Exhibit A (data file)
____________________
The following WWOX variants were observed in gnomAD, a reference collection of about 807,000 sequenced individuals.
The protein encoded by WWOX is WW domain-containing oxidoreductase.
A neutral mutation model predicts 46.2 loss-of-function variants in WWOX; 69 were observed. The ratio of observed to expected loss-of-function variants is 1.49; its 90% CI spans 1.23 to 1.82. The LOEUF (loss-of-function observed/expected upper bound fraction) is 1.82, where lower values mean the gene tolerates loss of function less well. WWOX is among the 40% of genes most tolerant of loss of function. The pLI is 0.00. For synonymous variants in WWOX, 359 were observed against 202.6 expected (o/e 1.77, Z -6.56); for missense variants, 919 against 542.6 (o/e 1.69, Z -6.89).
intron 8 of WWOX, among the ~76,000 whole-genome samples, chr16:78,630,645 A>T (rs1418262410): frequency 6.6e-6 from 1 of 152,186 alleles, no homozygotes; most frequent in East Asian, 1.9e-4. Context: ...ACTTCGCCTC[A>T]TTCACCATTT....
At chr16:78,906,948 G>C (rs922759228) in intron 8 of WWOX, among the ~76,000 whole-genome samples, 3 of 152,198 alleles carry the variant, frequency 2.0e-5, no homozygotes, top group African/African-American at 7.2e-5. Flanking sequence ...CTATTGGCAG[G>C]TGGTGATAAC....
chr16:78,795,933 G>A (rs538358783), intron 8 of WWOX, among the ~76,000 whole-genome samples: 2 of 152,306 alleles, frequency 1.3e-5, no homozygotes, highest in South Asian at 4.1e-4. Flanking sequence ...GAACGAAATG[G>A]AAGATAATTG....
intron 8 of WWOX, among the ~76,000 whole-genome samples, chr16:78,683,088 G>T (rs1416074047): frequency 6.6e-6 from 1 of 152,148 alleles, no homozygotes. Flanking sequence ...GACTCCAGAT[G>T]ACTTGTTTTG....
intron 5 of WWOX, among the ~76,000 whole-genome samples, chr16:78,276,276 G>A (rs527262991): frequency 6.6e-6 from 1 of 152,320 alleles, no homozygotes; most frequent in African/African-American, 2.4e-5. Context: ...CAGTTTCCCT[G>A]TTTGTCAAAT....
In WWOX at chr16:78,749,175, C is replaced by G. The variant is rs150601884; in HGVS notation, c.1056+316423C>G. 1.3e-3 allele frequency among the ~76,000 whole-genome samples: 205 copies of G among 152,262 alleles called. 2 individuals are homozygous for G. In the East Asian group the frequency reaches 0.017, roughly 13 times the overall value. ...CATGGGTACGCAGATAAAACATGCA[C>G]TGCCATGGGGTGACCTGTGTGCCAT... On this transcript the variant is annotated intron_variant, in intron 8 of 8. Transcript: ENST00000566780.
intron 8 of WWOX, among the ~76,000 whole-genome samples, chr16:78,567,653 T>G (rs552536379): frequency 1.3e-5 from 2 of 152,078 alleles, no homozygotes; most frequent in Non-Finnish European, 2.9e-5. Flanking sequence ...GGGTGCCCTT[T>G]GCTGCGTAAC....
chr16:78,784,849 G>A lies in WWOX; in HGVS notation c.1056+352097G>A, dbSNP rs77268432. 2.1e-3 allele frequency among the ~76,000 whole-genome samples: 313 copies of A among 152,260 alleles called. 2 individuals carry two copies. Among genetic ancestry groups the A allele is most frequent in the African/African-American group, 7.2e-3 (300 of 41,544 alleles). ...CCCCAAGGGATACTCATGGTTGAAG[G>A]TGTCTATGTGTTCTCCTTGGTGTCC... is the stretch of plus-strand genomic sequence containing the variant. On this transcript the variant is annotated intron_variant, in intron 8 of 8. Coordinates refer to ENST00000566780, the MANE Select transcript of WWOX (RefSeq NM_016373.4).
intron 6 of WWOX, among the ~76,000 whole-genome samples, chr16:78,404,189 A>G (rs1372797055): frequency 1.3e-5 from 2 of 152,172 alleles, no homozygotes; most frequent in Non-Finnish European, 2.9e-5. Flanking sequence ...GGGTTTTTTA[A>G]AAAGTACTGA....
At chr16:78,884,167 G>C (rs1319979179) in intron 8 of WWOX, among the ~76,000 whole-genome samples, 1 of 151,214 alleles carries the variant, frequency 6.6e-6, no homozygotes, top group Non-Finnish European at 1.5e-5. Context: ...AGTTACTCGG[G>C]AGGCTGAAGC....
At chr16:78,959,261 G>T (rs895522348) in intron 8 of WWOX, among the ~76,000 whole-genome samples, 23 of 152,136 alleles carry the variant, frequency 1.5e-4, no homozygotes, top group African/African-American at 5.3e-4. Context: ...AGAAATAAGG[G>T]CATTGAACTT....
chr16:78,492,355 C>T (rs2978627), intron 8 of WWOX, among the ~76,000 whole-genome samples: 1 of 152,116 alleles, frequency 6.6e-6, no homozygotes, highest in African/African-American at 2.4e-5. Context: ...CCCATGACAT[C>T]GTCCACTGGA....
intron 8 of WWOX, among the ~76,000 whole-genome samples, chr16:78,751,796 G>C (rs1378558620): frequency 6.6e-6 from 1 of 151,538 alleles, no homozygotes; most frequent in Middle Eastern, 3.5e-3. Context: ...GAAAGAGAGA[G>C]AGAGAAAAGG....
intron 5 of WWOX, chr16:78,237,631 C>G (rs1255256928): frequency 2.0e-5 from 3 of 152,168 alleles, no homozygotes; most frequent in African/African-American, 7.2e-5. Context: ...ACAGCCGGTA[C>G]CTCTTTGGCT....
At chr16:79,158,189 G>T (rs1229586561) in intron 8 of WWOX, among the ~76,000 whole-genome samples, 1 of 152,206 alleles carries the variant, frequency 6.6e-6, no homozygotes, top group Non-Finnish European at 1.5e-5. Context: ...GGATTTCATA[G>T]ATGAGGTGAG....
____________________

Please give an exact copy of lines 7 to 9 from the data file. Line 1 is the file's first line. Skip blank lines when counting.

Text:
intron 8 of WWOX, among the ~76,000 whole-genome samples, chr16:78,683,088 G>T (rs1416074047): frequency 6.6e-6 from 1 of 152,148 alleles, no homozygotes. Flanking sequence ...GACTCCAGAT[G>T]ACTTGTTTTG....
intron 5 of WWOX, among the ~76,000 whole-genome samples, chr16:78,276,276 G>A (rs527262991): frequency 6.6e-6 from 1 of 152,320 alleles, no homozygotes; most frequent in African/African-American, 2.4e-5. Context: ...CAGTTTCCCT[G>A]TTTGTCAAAT....
In WWOX at chr16:78,749,175, C is replaced by G. The variant is rs150601884; in HGVS notation, c.1056+316423C>G. 1.3e-3 allele frequency among the ~76,000 whole-genome samples: 205 copies of G among 152,262 alleles called. 2 individuals are homozygous for G. In the East Asian group the frequency reaches 0.017, roughly 13 times the overall value. ...CATGGGTACGCAGATAAAACATGCA[C>G]TGCCATGGGGTGACCTGTGTGCCAT... On this transcript the variant is annotated intron_variant, in intron 8 of 8. Transcript: ENST00000566780.